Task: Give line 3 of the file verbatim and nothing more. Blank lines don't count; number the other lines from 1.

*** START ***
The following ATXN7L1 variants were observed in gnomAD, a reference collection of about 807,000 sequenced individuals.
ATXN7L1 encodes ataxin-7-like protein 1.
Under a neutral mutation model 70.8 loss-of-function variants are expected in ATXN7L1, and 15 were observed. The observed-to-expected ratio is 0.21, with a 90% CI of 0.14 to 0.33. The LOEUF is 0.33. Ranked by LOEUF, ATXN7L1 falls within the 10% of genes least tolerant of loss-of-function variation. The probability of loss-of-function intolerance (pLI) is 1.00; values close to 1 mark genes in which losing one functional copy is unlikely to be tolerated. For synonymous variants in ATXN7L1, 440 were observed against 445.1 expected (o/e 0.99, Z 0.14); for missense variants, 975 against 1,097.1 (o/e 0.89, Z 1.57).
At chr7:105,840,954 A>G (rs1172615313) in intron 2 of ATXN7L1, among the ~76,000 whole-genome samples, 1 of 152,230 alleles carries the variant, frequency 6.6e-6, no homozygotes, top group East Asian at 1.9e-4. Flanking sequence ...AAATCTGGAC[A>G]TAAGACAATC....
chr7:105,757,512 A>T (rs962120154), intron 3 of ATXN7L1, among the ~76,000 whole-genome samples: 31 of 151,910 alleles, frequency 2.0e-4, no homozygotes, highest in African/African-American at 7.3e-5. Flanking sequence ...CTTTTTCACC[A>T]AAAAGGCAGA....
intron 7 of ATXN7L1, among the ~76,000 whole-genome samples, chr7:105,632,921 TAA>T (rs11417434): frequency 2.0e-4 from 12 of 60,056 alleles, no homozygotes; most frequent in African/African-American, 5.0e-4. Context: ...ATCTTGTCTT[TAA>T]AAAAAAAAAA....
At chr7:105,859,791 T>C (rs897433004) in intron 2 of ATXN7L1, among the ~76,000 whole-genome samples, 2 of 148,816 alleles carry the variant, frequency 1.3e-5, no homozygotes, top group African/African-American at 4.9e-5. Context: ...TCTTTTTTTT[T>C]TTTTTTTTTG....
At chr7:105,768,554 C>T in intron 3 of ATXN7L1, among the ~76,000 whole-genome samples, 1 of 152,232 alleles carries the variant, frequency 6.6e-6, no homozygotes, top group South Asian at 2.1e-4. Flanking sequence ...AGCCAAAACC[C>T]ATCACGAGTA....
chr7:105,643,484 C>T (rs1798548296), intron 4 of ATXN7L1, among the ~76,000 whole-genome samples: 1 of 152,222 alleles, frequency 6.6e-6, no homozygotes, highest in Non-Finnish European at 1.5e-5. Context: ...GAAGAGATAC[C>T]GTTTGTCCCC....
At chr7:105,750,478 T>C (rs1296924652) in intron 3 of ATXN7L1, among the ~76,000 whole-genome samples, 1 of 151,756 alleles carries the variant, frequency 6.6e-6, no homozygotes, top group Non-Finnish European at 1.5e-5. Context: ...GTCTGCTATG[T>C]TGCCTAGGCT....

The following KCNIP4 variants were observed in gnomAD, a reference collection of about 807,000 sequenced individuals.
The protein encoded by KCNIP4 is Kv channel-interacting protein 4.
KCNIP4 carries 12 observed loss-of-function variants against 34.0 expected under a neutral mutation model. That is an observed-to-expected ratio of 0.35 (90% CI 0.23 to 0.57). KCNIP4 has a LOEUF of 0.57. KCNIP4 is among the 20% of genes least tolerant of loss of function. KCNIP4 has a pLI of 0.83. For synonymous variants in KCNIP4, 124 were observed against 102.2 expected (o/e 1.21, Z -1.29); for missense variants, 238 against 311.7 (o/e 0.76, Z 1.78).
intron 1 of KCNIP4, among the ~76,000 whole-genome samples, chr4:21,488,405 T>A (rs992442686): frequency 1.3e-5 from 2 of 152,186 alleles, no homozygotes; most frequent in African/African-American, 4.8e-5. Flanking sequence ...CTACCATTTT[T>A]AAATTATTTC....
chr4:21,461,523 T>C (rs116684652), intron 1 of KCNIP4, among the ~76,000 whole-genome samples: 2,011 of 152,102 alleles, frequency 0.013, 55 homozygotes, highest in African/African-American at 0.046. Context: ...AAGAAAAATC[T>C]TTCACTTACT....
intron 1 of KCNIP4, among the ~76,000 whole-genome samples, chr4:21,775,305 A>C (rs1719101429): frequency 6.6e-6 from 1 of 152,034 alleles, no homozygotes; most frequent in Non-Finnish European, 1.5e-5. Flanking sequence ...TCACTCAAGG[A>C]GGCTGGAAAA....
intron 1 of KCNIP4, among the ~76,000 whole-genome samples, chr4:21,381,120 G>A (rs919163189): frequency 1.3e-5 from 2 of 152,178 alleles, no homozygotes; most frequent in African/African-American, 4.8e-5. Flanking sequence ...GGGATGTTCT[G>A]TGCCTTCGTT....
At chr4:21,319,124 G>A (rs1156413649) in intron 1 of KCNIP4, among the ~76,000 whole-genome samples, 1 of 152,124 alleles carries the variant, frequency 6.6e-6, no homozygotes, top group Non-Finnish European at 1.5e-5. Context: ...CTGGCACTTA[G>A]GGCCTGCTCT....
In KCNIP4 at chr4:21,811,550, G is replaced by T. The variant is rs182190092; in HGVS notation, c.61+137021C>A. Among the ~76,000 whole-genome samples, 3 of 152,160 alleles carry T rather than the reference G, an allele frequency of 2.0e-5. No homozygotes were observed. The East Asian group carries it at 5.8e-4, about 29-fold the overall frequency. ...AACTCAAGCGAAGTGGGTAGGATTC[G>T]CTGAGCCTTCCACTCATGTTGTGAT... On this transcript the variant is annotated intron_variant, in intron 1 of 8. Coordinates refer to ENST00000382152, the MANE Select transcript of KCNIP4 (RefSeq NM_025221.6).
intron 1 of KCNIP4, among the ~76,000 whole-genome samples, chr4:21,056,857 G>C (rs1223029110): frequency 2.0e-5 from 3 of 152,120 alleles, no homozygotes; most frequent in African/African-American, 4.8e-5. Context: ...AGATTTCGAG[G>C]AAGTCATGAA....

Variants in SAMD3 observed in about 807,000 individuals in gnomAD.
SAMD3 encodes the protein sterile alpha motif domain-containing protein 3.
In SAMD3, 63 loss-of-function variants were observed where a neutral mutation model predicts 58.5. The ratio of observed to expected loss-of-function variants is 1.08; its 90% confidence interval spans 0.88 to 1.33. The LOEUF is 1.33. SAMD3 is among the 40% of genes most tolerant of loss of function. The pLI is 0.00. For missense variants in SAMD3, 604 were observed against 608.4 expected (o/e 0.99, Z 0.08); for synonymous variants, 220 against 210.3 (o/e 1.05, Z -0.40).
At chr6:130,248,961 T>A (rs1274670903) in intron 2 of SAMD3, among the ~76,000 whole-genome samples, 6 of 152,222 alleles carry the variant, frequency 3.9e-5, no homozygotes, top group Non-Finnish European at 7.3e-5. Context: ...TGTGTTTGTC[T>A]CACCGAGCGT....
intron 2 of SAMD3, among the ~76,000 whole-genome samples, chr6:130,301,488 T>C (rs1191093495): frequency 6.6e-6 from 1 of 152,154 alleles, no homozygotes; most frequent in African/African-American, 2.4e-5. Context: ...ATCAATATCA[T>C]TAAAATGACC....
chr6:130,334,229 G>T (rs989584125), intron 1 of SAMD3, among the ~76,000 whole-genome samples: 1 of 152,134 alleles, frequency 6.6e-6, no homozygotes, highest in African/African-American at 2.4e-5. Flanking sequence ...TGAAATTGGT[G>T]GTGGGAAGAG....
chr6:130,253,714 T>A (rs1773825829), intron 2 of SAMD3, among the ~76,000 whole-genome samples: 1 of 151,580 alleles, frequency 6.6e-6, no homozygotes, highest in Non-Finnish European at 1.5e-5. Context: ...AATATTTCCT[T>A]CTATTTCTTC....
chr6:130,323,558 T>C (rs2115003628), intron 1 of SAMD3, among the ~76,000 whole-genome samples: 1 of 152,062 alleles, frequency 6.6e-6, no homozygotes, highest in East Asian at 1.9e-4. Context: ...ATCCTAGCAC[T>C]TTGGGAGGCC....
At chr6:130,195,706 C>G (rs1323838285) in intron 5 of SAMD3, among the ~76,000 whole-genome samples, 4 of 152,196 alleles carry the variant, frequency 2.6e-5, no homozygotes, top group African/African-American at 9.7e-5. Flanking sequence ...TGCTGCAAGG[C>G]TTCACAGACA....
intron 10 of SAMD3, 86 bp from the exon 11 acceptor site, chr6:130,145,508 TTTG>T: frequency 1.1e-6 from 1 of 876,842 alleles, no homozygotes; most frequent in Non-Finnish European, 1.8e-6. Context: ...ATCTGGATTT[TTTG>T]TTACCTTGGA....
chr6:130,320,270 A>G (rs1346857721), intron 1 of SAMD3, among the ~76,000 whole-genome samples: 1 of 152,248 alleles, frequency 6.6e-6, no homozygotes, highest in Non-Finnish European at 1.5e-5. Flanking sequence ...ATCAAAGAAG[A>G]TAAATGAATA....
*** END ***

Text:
Under a neutral mutation model 70.8 loss-of-function variants are expected in ATXN7L1, and 15 were observed. The observed-to-expected ratio is 0.21, with a 90% CI of 0.14 to 0.33. The LOEUF is 0.33. Ranked by LOEUF, ATXN7L1 falls within the 10% of genes least tolerant of loss-of-function variation. The probability of loss-of-function intolerance (pLI) is 1.00; values close to 1 mark genes in which losing one functional copy is unlikely to be tolerated. For synonymous variants in ATXN7L1, 440 were observed against 445.1 expected (o/e 0.99, Z 0.14); for missense variants, 975 against 1,097.1 (o/e 0.89, Z 1.57).